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Interpreting hay analysis results

Trace Minerals - Iron, Zinc, Copper, etc.

Trace minerals are so-named because, while they are essential dietary components, they are required in only small ('trace') amounts.

The following figures are assuming that hay is the primary source of nutrition for the theoretical 1,000-lb adult horse, and that the hay is being fed at a rate of approximately 2% of the horse's ideal body weight per day (approximately 20 lbs of hay per day).

Iron

The recommended daily intake of iron for maintenance in a 1,000-lb horse is 360 milligrams (mg). To at least meet this requirement, the hay would need to have an iron content of at least 40 ppm (parts per million) as sampled, or at least 18 mg/lb of hay if you prefer those units.

I seldom see good quality grass hay that is deficient in iron. Much more common is an excess of iron, which can interfere with the absorption of other minerals. I start to worry about interference when the iron content is at least 5 times higher than needed (i.e., above 200 ppm). If the hay is otherwise suitable, I simply make sure that the horse is receiving a bit more copper and zinc than needed.

Zinc

The recommended daily intake of zinc for maintenance in a 1,000-lb horse is 360 milligrams. To at least meet this requirement, the hay would need to have a zinc content of at least 40 ppm (as sampled), or at least 18 mg/lb of hay if you prefer.

The hay we're examining has a zinc content of 26 ppm, or 12 mg/lb of hay (as sampled), so if this hay is the horse's primary source of nutrition, then a trace mineral supplement that makes up the shortfall in zinc intake (a deficit of 120 mg) would be needed.

How did I get 120 mg? The recommended daily intake of zinc for maintenance in a 1,000-lb horse is 360 mg. This hay contains 12 mg/lb of zinc (as sampled), so 20 lbs of this hay would supply only 240 mg of zinc (12 x 20 = 240), leaving a shortfall of 120 mg per day (360 - 240 = 120).

Copper

The recommended daily intake of copper for maintenance in a 1,000-lb horse is 90 milligrams. To at least meet this requirement, the hay would need to have a copper content of at least 10 ppm (as sampled), or at least 4.5 mg/lb of hay if you prefer.

The hay we're examining has a copper content of 7 ppm, or 3.2 mg/lb of hay (as sampled), so if this hay is the horse's primary source of nutrition, then a trace mineral supplement that makes up the shortfall in copper intake (a deficit of 26.4 mg) would be needed.

Zinc-Copper Ratio (Zn:Cu)

As with calcium and phosphorus, the ratio of zinc to copper is also important. The chemical symbol for zinc is Zn and the symbol for copper is Cu, so the ratio is abbreviated Zn:Cu.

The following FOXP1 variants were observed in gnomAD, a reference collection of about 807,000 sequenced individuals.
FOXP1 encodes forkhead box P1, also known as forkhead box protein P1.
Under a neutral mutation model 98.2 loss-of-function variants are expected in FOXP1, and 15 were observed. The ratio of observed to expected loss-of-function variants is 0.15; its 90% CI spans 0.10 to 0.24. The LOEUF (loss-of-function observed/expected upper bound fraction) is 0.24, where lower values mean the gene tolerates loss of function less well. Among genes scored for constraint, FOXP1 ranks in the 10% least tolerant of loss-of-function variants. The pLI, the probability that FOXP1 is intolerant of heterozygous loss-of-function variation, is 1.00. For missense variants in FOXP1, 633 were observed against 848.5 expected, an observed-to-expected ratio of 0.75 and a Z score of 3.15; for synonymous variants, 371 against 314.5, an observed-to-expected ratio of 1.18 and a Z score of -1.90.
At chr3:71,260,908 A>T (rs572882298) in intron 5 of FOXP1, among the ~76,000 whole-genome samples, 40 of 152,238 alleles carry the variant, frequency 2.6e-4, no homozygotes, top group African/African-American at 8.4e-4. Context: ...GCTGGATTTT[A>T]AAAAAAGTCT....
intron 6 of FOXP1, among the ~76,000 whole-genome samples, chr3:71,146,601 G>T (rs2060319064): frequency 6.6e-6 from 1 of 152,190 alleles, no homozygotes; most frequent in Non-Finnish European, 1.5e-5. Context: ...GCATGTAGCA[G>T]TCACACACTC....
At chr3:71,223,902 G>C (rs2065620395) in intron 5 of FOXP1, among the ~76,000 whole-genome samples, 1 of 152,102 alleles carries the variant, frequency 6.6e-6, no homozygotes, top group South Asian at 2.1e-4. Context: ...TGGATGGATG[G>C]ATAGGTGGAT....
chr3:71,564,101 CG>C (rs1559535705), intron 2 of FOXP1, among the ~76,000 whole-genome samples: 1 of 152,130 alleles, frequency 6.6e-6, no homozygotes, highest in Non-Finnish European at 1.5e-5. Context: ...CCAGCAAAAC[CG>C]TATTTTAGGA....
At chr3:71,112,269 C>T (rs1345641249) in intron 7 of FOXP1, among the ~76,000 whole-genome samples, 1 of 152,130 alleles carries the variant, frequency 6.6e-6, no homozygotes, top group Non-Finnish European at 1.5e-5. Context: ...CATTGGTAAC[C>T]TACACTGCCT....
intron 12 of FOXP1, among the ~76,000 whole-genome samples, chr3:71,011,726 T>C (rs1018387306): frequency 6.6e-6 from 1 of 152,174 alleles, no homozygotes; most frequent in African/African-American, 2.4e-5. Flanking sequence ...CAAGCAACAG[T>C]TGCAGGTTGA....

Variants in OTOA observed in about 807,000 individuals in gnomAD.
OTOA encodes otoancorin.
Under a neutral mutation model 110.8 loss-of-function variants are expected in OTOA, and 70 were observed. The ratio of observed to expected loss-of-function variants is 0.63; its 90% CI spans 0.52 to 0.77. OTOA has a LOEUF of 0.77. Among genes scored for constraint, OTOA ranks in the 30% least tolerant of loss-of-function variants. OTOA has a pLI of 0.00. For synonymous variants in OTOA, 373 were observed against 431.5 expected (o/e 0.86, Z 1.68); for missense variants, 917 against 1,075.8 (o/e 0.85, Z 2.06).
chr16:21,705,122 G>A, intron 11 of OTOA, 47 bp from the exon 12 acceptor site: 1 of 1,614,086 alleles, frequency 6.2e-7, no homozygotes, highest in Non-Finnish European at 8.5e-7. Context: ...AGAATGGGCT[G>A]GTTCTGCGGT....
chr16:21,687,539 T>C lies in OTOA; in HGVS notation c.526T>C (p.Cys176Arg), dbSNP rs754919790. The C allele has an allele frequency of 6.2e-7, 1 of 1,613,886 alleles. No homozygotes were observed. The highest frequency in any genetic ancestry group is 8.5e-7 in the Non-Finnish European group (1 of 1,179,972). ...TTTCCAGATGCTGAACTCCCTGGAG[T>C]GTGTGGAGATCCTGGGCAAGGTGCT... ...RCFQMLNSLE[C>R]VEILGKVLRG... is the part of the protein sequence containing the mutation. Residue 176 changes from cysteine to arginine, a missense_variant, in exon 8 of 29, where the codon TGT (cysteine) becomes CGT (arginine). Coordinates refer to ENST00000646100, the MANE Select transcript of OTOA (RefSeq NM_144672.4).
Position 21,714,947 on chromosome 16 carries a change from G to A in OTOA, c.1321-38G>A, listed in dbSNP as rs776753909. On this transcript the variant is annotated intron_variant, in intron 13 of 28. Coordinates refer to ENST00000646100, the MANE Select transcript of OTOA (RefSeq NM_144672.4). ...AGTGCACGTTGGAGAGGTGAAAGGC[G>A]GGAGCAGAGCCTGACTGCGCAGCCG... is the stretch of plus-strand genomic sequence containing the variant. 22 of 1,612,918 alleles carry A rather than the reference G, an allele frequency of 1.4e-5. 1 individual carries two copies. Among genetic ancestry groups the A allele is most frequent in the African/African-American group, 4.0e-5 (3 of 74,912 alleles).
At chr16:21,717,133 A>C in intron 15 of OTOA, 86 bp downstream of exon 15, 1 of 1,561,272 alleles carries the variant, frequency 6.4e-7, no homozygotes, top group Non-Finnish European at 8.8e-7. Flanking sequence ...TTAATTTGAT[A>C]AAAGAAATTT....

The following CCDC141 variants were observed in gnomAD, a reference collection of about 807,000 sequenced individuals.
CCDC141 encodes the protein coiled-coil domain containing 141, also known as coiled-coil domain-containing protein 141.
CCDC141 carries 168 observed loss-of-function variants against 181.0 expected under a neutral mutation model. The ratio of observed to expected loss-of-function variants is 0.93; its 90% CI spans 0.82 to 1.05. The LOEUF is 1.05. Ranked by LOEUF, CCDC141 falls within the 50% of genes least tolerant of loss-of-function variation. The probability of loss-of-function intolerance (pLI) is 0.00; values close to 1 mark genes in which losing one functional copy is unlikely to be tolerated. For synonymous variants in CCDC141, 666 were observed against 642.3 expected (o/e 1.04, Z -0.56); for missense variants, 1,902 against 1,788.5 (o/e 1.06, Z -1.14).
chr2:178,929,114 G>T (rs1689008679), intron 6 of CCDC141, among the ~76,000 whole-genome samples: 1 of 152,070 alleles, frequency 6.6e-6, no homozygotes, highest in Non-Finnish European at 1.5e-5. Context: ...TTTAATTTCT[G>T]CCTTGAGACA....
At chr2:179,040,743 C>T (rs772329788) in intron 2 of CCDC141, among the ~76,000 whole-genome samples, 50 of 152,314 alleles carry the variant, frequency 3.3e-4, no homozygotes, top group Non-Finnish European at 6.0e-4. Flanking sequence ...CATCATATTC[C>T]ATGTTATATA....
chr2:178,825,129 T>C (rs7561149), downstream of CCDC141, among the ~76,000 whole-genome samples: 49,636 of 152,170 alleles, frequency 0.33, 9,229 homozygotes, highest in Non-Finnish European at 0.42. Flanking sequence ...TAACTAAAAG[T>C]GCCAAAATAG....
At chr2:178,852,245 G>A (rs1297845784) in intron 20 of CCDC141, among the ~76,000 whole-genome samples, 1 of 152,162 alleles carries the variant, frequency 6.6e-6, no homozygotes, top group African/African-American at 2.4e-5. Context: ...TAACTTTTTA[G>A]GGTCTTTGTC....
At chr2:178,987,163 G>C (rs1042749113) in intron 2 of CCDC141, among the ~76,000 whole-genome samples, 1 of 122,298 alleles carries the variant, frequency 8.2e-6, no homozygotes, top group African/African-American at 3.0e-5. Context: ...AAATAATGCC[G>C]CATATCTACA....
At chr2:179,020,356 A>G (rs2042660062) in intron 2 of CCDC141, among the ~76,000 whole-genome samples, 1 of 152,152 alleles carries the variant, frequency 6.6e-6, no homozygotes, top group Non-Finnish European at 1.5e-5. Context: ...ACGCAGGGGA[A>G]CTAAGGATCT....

The ideal Zn:Cu is 4:1, or simply 4. There should be about 4 times as much zinc as copper in the total diet. We're assuming in this exercise that the timothy hay we're examining is the horse's primary source of nutrition. Its Zn:Cu (zinc ÷ copper) is 3.7:1 (26 ÷ 7 = 3.7). That's close enough to 4 for maintenance in an adult horse, but as zinc and copper are each a bit low in this hay, I would want this horse to be on a good trace mineral supplement.

Incidentally, it is not uncommon for grass hays to be marginal or frankly deficient in zinc and copper. According to the Equi-Analytical database, the zinc content of grass hays across the US ranges from 0 ppm to 1,070 ppm (as sampled), and the average is only 29 ppm. Similarly, the copper content of grass hays ranges from 0 ppm to 16 ppm (as sampled), and the average is only 8 ppm.

HayResults08

Manganese

The recommended daily intake of manganese for maintenance in a 1,000-lb horse is 360 milligrams. To at least meet this requirement, the hay would need to have a manganese content of at least 40 ppm (as sampled), or at least 18 mg/lb of hay if you prefer.

The hay we're examining has a manganese content of 52 ppm, or 24 mg/lb of hay (as sampled), so if this hay is the horse's primary source of nutrition, then the horse will be receiving adequate manganese.

Molybdenum

There is no recommended daily intake for molybdenum in horses. However, it is included in this analysis because very high concentrations (above 20 ppm) could interfere with the absorption of other minerals.

What about selenium?

Selenium is not included in this report because it's a test that must be ordered separately. In certain parts of the US, notably the Pacific northwest, the selenium content of forages is very often low, necessitating supplementation. However, in other parts of the US, the selenium content of forages can actually be too high. When in doubt, test your forages for selenium.

As a point of reference, the recommended daily intake of selenium for maintenance in a 1,000-lb horse is 0.9 mg. Let's round that up to 1 mg/day, from all dietary sources. Don't be too heavy-handed with selenium supplementation in horses; enough really is enough.

What about iodine?

As a point of reference, the recommended daily intake of iodine for maintenance in a 1,000-lb horse is 3.2 mg, from all dietary sources. As with selenium, don't be too heavy-handed with iodine supplementation.

% Moisture and % Dry Matter

Digestible Energy (DE)

Crude Protein and Estimated Lysine

Fiber - Lignin, ADF, and NDF

Carbohydrates - WSC, ESC, Starch, and NFC

Major minerals - Calcium, Phosphorus, Magnesium, etc.

Trace minerals - Iron, Zinc, Copper, etc.

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